Entries in Porsche (7)

Monday
Oct052015

Monday Moanin' Outta My Mind

While there were plenty of story lines coming out of the 2015 18th Annual Petit Le Mans powered by Mazda, the departure of Team Falken Tire can’t be overlooked. Winners of the final American Le Mans race, the 2013 Petit Le Mans, and winners of the Inaugural TUDOR version of Petit Le Mans in 2014, it’s hard not to imagine what does the “con” side of the decision making process look like as the team and manufacturer depart from the Series.

While I have no inside information, it’s hard not to assume Falken’s decision was financial and market driven. After all, what sense does it make to throw tons of resources (both money and research and development) at a program that is immersed in a venture dominated by a competing manufacturer. Especially, when the domination is bought and paid for.

Michelin dominates the GTLM class by determination and providing a quality performance tire and a well run marketing effort. And I think the Falken people were ok with that. That’s competition. But to attempt to have a voice and capture the ear of the market place, in a Series who’s primary tire sponsor is mandated on three of the four classes… well, what’s the point?

Tires are an integral part of the competition… especially so in an endurance format of racing. Sure, it’s possible that one tire manufacture may dominate. But if it’s earned… so what?

Michelin earned the respect of fans and competitors alike during the hay-day of the ALMS. And, in the absurd weather conditions of this year’s Petit Le Mans, they earned it again putting a GT car in the overall winners circle.

For six seasons, Team Falken earned the respect of fans and competitors through their continued efforts to fight competitively and to win. Bryan Sellers, Wolf Henzler and Team Falken consistently proved they were capable with back-to-back victories at the 10-hour Petit Le Mans, as well as races as diverse as Mid-Ohio Sports Car Course and the city streets of the Baltimore Grand Prix. Oh, by the way, they won Baltimore twice. They brought the resources they had and they made it work. It’s fair to say, they were sometimes David to Michelin’s Goliath. Good on them…. and I can assure you, Michelin would say the same.

So… if you’ve read this far, you’ve probably figured out, I don’t like spec tires. I don’t like sponsors buying out the spirit of competition.

To the folks at Falken…. Wolf Henzler, Bryan Sellers, Derek Walker and the whole Walker Racing crew… Thanks! Thanks for your perseverance, your tenacity and your allegiance to sports car racing fans. You’ll be missed!


Tuesday
Feb252014

Test Drive: 2014 Porsche Cayman S

The Cayman sports car has been a huge hit for Porsche and has established itself alongside the 911 as one of the best sports cars in the world. With a pedigree that goes back to legendary cars like the 550 Spyder, the mid-engine Cayman has become a favorite model of the track-day crowd, but most of them will cover a lot more miles in everyday driving than in laps on a track. The Cayman S may be at its best on twisty roads or at the track, but a week spent driving one revealed how well-rounded and versatile this car really is.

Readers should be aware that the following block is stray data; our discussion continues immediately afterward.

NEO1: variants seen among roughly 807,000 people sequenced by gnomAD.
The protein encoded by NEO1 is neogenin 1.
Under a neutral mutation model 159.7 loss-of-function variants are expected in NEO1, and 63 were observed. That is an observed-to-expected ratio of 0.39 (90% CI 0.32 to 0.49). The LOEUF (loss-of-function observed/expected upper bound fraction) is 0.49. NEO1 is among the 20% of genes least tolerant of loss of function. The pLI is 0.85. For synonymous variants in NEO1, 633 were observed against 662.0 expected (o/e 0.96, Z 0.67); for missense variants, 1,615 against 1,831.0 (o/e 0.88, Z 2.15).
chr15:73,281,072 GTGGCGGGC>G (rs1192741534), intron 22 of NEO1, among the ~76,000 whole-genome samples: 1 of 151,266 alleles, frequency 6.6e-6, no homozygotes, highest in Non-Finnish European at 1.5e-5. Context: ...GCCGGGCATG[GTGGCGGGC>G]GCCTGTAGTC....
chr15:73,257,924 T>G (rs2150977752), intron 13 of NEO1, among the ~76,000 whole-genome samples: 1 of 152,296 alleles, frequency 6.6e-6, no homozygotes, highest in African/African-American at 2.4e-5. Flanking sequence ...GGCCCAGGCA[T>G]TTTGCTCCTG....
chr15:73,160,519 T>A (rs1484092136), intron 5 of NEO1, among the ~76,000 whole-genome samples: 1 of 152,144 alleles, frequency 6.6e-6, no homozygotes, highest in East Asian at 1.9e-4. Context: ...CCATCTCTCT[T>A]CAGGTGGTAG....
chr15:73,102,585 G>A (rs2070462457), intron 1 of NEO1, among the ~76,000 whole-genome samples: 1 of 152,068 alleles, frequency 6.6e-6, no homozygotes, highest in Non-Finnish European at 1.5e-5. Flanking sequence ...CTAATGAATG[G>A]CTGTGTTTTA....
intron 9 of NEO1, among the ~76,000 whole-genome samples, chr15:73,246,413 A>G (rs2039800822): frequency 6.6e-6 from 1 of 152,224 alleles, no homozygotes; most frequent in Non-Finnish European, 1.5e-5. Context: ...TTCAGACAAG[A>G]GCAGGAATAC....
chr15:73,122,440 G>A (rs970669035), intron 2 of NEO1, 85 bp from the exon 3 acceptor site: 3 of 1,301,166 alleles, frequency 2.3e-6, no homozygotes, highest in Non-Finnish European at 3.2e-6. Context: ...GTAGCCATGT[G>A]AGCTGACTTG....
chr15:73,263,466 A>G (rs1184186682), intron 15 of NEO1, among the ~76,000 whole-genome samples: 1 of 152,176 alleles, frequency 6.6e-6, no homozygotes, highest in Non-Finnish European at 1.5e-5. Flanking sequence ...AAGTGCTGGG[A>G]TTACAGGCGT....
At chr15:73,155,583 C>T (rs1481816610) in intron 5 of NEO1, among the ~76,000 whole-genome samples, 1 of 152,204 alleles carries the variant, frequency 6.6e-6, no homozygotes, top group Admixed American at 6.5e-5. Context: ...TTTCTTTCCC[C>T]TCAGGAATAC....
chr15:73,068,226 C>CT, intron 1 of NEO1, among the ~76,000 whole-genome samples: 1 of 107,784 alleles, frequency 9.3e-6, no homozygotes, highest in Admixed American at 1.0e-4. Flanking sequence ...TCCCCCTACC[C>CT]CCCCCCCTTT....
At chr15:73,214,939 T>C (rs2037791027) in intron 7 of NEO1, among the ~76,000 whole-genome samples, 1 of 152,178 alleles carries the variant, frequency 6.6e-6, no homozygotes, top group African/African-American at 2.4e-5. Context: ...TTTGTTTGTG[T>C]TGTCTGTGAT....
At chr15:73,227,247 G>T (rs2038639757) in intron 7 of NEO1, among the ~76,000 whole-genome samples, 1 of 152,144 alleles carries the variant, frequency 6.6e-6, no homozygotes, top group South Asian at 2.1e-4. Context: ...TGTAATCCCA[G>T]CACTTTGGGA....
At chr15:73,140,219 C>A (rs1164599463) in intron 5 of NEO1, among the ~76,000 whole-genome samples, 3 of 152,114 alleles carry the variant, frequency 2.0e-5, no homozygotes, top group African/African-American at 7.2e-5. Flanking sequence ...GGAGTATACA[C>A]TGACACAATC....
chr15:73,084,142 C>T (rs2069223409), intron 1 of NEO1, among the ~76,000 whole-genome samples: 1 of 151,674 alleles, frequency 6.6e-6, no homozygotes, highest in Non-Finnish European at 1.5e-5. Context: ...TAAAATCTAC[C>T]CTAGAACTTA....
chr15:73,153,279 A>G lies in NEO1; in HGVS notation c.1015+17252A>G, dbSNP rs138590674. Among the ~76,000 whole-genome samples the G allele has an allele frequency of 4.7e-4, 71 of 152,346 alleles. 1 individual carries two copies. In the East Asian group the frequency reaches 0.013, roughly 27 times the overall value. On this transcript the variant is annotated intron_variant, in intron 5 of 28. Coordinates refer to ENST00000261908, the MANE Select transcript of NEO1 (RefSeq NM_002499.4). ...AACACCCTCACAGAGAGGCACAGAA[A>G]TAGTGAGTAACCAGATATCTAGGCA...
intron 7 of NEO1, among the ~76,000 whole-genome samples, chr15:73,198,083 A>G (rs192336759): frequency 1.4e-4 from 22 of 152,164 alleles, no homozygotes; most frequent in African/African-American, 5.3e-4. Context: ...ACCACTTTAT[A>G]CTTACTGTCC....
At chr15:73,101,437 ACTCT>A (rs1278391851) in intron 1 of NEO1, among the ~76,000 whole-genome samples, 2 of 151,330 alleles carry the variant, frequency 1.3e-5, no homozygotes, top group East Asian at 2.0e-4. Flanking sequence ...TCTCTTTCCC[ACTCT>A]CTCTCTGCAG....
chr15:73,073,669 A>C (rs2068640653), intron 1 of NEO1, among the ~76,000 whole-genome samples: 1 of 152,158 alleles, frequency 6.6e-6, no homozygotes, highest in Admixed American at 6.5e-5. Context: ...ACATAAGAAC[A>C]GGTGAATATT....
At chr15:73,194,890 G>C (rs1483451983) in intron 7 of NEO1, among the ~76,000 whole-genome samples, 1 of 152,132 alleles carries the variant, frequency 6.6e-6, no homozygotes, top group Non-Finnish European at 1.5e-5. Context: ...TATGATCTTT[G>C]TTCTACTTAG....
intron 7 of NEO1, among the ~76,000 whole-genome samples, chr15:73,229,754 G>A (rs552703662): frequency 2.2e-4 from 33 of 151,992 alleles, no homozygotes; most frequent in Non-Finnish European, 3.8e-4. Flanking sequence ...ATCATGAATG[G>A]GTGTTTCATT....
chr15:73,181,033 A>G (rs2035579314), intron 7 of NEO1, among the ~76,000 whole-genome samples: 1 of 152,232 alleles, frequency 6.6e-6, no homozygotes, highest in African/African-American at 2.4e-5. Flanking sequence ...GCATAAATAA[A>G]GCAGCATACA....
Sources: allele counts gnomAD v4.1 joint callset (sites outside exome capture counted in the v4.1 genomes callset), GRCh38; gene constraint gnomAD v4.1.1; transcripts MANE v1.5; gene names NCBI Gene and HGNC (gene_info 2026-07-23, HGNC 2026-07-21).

First, let’s take a look at the numbers. The Cayman S is powered by a zesty 3.4-liter flat six that produces 325hp and 273 lb-ft of torque. Vented and drilled rotors are clamped by 4-piston monobloc calipers on all four corners, and a lightweight spring-strut suspension setup with front and rear stabilizers takes care of the handling duties. Performance is brisk, with 60mph coming up in just a tick over 4.5 seconds. The base price is $63,800 (standard Cayman is $52,600), but the price can go up considerably if you start adding some options. Our test car was fitted with a long list of options that brought the total price to $91,620, which is more than seven grand above the price of a base model 911. Some of those options (like the $6,520 Infotainment Package with Burmester surround sound), are best left off if your ultimate goal is pure performance, but others (like the PDK transmission and Porsche Torque Vectoring) are much more enticing.

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Saturday
Jan142012

Test Drive: Porsche 911 GTS Cabriolet

Porsche has constantly improved their venerable 911 over decades of development and for many hardcore car enthusiasts; it’s the only sportscar that really matters. Porsche has also managed to offer a wide range of 911 models to their customers, from the base Carrera coupe to Cabriolet, Targa and all-wheel drive versions, which are all available with the flat-six engine in different states of tune. Porsche also mixes and matches these various iterations, with no less than 18 different 911 models currently available that range from around $82,000 to $172,000 in price and from 350 to 530 horsepower. This is not even considering the hardcore GT3 and GT2 models, which are in-between models and not officially available right now. There’s not a bad one in the bunch, but I grew particularly fond of the GTS version after driving it for a week.

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